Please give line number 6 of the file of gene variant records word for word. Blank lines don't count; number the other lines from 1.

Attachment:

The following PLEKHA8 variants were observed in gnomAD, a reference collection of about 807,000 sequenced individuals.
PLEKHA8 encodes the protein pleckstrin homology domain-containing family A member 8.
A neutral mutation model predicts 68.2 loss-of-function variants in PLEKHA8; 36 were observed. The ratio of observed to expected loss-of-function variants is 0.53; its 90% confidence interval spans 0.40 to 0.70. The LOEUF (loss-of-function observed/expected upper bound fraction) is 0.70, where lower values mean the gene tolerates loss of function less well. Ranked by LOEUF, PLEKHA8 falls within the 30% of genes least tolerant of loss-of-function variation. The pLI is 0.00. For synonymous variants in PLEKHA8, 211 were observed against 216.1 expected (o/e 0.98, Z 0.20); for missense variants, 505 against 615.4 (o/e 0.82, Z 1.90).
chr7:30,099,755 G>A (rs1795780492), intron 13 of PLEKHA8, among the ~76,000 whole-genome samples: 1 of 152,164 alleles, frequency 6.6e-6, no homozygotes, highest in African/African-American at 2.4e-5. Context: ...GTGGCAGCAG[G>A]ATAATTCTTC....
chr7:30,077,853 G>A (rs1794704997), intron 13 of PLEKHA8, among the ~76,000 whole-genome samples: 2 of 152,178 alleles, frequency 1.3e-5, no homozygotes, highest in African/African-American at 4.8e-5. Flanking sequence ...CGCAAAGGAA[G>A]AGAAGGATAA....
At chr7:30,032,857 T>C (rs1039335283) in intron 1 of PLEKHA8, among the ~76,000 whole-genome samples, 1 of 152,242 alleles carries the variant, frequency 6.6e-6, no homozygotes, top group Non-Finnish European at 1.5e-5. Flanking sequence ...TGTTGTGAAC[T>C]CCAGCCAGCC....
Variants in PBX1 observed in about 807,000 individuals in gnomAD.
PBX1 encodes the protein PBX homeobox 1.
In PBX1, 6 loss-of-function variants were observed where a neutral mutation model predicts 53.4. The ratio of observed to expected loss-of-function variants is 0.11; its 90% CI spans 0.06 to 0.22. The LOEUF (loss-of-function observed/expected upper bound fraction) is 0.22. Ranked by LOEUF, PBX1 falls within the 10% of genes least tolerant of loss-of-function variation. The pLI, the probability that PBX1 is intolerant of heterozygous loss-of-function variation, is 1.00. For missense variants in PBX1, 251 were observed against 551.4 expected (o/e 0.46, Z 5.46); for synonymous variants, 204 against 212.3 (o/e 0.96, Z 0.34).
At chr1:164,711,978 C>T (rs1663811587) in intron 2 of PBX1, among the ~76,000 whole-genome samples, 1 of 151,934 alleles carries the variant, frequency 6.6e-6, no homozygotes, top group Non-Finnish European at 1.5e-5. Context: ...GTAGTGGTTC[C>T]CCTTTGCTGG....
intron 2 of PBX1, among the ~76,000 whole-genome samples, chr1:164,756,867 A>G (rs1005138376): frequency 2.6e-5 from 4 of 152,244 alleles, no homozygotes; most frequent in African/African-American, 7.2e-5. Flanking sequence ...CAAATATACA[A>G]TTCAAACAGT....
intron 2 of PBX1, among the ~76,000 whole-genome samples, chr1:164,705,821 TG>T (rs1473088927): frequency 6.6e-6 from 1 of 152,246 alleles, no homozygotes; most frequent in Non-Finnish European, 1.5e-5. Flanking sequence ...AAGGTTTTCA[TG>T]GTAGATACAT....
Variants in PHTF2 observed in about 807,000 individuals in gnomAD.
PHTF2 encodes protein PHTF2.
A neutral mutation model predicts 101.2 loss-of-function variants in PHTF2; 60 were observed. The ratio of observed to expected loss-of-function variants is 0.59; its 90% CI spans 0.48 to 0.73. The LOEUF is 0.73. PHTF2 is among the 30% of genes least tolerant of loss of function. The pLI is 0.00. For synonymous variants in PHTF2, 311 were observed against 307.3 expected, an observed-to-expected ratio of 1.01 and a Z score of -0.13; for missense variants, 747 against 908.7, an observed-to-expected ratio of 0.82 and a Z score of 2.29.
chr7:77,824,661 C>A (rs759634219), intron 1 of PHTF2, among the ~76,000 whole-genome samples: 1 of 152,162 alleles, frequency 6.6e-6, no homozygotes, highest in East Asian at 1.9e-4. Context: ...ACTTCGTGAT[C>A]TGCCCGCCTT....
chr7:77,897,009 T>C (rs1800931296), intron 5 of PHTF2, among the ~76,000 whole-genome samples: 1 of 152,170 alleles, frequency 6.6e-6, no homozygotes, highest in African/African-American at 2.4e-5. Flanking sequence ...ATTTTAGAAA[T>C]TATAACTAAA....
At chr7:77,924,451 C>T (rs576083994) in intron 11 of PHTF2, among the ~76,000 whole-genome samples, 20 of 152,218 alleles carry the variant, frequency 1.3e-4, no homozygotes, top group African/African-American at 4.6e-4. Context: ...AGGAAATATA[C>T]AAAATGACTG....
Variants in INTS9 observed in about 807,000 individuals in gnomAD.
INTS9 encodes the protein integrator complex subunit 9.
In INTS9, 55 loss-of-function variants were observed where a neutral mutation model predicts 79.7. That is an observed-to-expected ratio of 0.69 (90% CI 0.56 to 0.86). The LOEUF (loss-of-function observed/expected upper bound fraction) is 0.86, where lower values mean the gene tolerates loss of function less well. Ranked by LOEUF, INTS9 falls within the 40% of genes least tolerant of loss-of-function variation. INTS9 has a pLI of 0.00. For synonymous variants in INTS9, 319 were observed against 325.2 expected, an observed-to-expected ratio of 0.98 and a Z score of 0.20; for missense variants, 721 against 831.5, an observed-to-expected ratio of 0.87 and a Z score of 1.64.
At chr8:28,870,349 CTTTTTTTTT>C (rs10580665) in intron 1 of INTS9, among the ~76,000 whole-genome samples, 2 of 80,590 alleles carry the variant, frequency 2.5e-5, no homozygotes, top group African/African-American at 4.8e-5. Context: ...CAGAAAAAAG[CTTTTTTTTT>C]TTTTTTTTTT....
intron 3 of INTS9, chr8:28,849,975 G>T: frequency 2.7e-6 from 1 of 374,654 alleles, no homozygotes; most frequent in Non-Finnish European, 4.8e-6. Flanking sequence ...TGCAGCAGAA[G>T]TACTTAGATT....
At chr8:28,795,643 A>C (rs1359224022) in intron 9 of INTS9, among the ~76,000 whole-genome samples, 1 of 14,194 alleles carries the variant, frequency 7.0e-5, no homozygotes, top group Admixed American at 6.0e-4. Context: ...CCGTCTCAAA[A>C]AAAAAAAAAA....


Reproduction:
At chr7:30,032,857 T>C (rs1039335283) in intron 1 of PLEKHA8, among the ~76,000 whole-genome samples, 1 of 152,242 alleles carries the variant, frequency 6.6e-6, no homozygotes, top group Non-Finnish European at 1.5e-5. Flanking sequence ...TGTTGTGAAC[T>C]CCAGCCAGCC....